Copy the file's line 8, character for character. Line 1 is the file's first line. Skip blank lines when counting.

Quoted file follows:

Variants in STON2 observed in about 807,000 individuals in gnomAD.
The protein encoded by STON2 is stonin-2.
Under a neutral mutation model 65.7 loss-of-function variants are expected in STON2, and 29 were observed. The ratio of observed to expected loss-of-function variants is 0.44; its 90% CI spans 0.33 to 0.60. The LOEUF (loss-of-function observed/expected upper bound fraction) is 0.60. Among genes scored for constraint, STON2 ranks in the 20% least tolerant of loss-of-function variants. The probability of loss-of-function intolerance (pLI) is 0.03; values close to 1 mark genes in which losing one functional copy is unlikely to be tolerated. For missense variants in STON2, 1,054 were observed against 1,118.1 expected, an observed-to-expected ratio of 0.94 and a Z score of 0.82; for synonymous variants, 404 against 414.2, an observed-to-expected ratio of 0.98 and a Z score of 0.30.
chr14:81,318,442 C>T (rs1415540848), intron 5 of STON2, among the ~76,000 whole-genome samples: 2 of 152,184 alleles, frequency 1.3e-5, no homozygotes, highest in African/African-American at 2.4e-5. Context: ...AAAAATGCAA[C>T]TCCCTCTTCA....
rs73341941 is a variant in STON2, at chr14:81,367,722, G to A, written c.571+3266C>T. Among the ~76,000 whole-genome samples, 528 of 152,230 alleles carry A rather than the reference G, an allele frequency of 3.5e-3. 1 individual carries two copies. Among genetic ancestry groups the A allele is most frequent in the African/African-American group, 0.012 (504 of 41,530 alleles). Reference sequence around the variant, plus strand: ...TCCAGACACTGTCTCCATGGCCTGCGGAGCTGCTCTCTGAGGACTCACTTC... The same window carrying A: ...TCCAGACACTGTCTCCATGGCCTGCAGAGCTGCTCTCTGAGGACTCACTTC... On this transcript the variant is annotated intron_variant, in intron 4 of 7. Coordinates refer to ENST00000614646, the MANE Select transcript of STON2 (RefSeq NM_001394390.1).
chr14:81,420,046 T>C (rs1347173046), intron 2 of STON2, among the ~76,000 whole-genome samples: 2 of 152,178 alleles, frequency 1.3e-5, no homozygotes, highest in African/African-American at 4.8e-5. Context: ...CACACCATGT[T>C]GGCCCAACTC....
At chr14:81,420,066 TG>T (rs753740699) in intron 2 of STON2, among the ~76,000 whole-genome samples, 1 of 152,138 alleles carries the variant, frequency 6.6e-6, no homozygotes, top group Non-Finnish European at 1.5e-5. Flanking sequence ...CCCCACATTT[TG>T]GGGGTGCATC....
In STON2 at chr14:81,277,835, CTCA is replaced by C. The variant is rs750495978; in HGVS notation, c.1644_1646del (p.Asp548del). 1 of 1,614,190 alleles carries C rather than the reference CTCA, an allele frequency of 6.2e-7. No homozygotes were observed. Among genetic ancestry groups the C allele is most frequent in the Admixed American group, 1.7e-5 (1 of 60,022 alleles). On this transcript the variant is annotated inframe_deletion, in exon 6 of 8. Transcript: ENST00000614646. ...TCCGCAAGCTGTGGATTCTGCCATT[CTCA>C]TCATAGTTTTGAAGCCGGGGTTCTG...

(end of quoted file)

In STON2 at chr14:81,277,835, CTCA is replaced by C. The variant is rs750495978; in HGVS notation, c.1644_1646del (p.Asp548del). 1 of 1,614,190 alleles carries C rather than the reference CTCA, an allele frequency of 6.2e-7. No homozygotes were observed. Among genetic ancestry groups the C allele is most frequent in the Admixed American group, 1.7e-5 (1 of 60,022 alleles). On this transcript the variant is annotated inframe_deletion, in exon 6 of 8. Transcript: ENST00000614646. ...TCCGCAAGCTGTGGATTCTGCCATT[CTCA>C]TCATAGTTTTGAAGCCGGGGTTCTG...